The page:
From July 2016 to September 2017, Slattery was a program manager at UC Davis Center for Nutrition Schools, where she oversaw a statewide, multi-component, evidence-based, and research-tested nutrition education program. She facilitated training in coordination with the UC CalFresh State Office and UC CalFresh counties throughout the state of California.
Concurrently, Slattery has been working as a per-diem nutrition specialist since 2015 at Shady Creek Outdoor Education Foundation, where she provides oversight and guidance for the Fit Quest program, bringing comprehensive children's wellness programs to Northern California schools.
Slattery earned an M.S. in organizational leadership from the School of Business Management at National University. She completed a B.S. in exercise physiology/exercise science from CSU Chico.
Based in Oroville, Slattery can be reached at (530) 538-7201 and email@example.com.
California Naturalist wins ANROSP outstanding team award
The California Naturalist Program was named the 2017 Outstanding Team by the Alliance of Natural Resource Outreach and Service Programs (ANROSP). Sabrina Drill, associate director of California Naturalist and UC Cooperative Extension advisor, and Marisa Rodriguez, community education specialist with California Naturalist in Southern California, accepted the award on Sept. 21 at the annual ANROSP conference held at the World Forestry Center in Portland, Ore.
Led by director Adina Merenlender, a UC Cooperative Extension specialist at UC Berkeley, the CalNat staff includes Greg Ira, academic coordinator; Brook Gamble, community education specialist; Drill and Rodriguez.
Teamwork is fundamental to the program structure. Since 2012, California Naturalist has certified more than 1,800 Naturalists, who have logged over 100,000 volunteer hours.
The team credits its success to the support and efforts across UC ANR and an extended team of course partners, instructors, statewide partners, educators, scientists, conservation practitioners, and many others who have contributed to the continued adaptive development of the program.
Grant to be inducted into Ag Hall of Fame
On Oct. 19, Joseph Grant, UC Cooperative Extension advisor emeritus, will be among the people inducted into the San Joaquin County Agricultural Hall of Fame at the 33rd Annual Agricultural Hall of Fame Banquet.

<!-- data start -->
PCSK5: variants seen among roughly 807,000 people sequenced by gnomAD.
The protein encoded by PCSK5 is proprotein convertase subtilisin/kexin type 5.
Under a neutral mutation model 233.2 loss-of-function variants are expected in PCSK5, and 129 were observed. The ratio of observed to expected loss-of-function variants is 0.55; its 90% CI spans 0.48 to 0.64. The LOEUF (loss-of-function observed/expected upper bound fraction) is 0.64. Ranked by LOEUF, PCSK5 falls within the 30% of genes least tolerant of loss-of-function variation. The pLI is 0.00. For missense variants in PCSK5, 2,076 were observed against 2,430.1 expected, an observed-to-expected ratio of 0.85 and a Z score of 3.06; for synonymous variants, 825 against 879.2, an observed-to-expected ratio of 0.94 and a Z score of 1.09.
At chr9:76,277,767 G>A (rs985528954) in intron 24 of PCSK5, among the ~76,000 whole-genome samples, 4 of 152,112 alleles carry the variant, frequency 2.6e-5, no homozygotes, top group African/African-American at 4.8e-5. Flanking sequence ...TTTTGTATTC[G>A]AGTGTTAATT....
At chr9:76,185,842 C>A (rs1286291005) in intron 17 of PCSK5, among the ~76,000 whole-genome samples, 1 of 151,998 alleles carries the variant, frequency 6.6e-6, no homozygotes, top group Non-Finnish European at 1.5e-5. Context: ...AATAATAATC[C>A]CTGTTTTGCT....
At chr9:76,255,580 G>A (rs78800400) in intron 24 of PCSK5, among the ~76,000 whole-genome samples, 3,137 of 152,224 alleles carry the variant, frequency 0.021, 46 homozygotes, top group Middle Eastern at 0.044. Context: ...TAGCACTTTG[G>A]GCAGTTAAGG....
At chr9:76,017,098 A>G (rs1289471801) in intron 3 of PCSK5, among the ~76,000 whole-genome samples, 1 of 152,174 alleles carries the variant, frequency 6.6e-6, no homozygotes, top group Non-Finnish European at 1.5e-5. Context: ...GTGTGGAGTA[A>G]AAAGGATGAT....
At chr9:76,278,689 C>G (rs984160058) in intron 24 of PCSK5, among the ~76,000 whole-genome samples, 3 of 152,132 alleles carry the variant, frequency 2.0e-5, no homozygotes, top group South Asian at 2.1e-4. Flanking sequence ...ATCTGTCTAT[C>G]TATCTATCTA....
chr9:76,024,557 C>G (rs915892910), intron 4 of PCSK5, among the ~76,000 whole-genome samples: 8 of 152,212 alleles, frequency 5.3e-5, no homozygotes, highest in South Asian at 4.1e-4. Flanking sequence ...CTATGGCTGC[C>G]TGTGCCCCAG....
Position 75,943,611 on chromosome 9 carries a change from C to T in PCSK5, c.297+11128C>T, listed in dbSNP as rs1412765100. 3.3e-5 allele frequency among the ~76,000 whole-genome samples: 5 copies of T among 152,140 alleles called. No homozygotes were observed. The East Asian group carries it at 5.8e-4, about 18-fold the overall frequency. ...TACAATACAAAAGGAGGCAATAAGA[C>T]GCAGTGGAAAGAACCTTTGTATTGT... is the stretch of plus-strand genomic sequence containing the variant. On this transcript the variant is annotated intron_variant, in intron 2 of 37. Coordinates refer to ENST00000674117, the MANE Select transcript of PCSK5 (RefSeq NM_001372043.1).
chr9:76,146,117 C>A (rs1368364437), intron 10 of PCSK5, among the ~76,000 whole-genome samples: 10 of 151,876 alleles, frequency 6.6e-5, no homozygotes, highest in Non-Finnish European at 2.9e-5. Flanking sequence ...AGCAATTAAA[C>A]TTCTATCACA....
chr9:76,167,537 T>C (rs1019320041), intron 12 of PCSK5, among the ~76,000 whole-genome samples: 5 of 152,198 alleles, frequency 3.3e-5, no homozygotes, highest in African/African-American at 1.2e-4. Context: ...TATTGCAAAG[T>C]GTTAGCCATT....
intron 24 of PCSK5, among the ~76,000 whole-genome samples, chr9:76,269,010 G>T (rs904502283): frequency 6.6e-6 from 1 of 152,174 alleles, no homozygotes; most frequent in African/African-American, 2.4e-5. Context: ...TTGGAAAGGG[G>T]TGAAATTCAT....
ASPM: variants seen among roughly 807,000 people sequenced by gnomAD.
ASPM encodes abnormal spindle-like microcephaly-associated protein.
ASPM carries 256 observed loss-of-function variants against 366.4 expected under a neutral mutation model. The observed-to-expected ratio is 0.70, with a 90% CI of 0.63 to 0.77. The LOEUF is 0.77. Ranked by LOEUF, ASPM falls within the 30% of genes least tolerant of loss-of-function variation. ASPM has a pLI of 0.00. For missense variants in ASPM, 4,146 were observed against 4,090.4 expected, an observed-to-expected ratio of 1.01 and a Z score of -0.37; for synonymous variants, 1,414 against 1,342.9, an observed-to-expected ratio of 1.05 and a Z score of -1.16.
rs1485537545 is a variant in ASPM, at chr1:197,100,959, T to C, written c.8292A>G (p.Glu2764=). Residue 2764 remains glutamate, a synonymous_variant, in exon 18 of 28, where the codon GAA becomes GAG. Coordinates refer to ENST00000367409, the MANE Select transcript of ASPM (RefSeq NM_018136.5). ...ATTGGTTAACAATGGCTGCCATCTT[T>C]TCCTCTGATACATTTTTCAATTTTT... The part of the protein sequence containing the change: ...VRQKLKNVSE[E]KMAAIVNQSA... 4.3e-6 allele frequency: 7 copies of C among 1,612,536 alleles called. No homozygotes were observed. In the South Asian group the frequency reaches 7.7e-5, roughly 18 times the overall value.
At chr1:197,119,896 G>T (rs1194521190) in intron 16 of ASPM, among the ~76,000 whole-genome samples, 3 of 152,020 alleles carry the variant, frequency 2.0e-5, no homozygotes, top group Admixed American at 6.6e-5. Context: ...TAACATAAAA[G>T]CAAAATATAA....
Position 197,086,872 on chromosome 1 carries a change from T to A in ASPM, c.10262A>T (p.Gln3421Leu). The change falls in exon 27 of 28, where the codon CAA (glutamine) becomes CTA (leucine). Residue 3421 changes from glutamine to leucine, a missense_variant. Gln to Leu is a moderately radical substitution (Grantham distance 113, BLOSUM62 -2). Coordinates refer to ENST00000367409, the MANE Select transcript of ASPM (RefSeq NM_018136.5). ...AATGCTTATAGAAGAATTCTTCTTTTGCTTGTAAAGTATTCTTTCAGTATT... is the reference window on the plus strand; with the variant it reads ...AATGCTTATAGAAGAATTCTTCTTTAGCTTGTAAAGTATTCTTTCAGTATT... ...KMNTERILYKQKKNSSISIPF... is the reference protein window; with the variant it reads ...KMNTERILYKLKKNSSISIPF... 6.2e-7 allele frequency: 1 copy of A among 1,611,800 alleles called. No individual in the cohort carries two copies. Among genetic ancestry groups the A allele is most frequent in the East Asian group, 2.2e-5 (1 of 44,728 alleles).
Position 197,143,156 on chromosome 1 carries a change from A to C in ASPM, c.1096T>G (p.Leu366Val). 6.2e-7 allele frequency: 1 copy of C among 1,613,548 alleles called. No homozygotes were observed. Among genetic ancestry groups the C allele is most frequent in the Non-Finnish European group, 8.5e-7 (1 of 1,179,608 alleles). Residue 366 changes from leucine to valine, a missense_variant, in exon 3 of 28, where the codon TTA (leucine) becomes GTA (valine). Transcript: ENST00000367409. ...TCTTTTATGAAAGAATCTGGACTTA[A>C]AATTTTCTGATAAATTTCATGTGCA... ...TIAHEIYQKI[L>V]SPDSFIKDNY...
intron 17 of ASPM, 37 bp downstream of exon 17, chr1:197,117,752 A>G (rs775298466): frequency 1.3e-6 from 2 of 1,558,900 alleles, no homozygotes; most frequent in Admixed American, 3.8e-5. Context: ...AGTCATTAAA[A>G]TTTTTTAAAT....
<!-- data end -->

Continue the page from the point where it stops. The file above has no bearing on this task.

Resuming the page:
For most of his career, Grant, who retired in 2016, worked as a UC Cooperative Extension farm advisor and is known for his research on walnuts, cherries, apples, olives and other tree crops.
“It's kind of awesome. I mean when you look at the other people that have been inducted into the Hall of Fame, I don't consider myself in that class of people so it's humbling,” Grant said about his induction to the Lodi News-Sentinel.
In addition to Grant, the San Joaquin County Agricultural Hall of Fame will honor Henry “Skip” Foppiano, Jack and Pati Hamm and Hank Van Exel, and give a posthumous honor to winemaker Robert Gerald Mondavi.
According to the Hall of Fame, it “honors those individuals who have contributed to agriculture and to their community in significant ways.”
The banquet will be held at the Robert J. Cabral Ag Center in Stockton. Tickets are $45 and can be purchased by calling the Greater Stockton Chamber of Commerce at (209) 547-2770 or by visiting http://stocktonchamber.org/ag-hall-of-fame.
USDA-ARS bestows B.Y. Morrison Medal on Zalom
Frank Zalom, UC Davis distinguished professor of entomology and integrated pest management (IPM) specialist, has been named the recipient of the 2017 B.Y. Morrison Medal by U.S. Department of Agriculture/Agricultural Research Service (USDA-ARS).
Zalom is the first entomologist to receive the coveted award established in 1968, according to Kim Kaplan of the USDA-ARS Office of Communications.
Zalom was singled out for his outstanding work in IPM related to sustainable horticulture production, specifically for “his outstanding leadership and public service in IPM for horticultural crops at the regional, state, national and international levels; his stellar accomplishments in horticultural crops sustainability and pest management and his work ethic, service, courage and integrity, all driven by his insatiable curiosity and passion to solve problems in the horticultural crops landscape,” Kaplan said.
Zalom received the award, co-sponsored by USDA-ARS and the American Society for Horticultural Science (ASHS), on Sept. 21 at the ASHS conference in Waikoloa, Hawaii. He presented the Morrison Memorial Lecture on “Significance of Integrated Pest Management to Sustainable Horticultural Production – Observations and Experiences.”
Read more at //ucanr.edu/blogs/blogcore/postdetail.cfm?postnum=25218. -- Kathy Keatley Garvey